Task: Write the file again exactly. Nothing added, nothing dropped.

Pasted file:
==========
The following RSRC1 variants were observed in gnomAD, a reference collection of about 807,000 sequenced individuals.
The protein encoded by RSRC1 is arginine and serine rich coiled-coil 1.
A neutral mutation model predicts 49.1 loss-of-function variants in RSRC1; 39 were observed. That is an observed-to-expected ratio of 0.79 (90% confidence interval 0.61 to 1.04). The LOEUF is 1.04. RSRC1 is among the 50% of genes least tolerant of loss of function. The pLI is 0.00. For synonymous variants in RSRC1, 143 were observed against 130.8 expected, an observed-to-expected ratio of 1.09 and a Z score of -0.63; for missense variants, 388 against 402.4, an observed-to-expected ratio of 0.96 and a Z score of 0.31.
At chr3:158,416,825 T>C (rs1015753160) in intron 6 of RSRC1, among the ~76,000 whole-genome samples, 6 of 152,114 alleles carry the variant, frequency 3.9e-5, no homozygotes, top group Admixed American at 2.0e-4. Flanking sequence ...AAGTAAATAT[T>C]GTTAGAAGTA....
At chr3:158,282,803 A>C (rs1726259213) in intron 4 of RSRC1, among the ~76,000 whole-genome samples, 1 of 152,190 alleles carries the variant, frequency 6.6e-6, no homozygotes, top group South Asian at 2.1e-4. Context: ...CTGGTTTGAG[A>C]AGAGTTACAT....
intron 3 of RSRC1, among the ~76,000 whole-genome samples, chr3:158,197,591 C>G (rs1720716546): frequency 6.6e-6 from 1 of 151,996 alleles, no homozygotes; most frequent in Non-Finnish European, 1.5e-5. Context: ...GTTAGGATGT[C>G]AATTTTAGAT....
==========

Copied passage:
The following RSRC1 variants were observed in gnomAD, a reference collection of about 807,000 sequenced individuals.
The protein encoded by RSRC1 is arginine and serine rich coiled-coil 1.
A neutral mutation model predicts 49.1 loss-of-function variants in RSRC1; 39 were observed. That is an observed-to-expected ratio of 0.79 (90% confidence interval 0.61 to 1.04). The LOEUF is 1.04. RSRC1 is among the 50% of genes least tolerant of loss of function. The pLI is 0.00. For synonymous variants in RSRC1, 143 were observed against 130.8 expected, an observed-to-expected ratio of 1.09 and a Z score of -0.63; for missense variants, 388 against 402.4, an observed-to-expected ratio of 0.96 and a Z score of 0.31.
At chr3:158,416,825 T>C (rs1015753160) in intron 6 of RSRC1, among the ~76,000 whole-genome samples, 6 of 152,114 alleles carry the variant, frequency 3.9e-5, no homozygotes, top group Admixed American at 2.0e-4. Flanking sequence ...AAGTAAATAT[T>C]GTTAGAAGTA....
At chr3:158,282,803 A>C (rs1726259213) in intron 4 of RSRC1, among the ~76,000 whole-genome samples, 1 of 152,190 alleles carries the variant, frequency 6.6e-6, no homozygotes, top group South Asian at 2.1e-4. Context: ...CTGGTTTGAG[A>C]AGAGTTACAT....
intron 3 of RSRC1, among the ~76,000 whole-genome samples, chr3:158,197,591 C>G (rs1720716546): frequency 6.6e-6 from 1 of 151,996 alleles, no homozygotes; most frequent in Non-Finnish European, 1.5e-5. Context: ...GTTAGGATGT[C>G]AATTTTAGAT....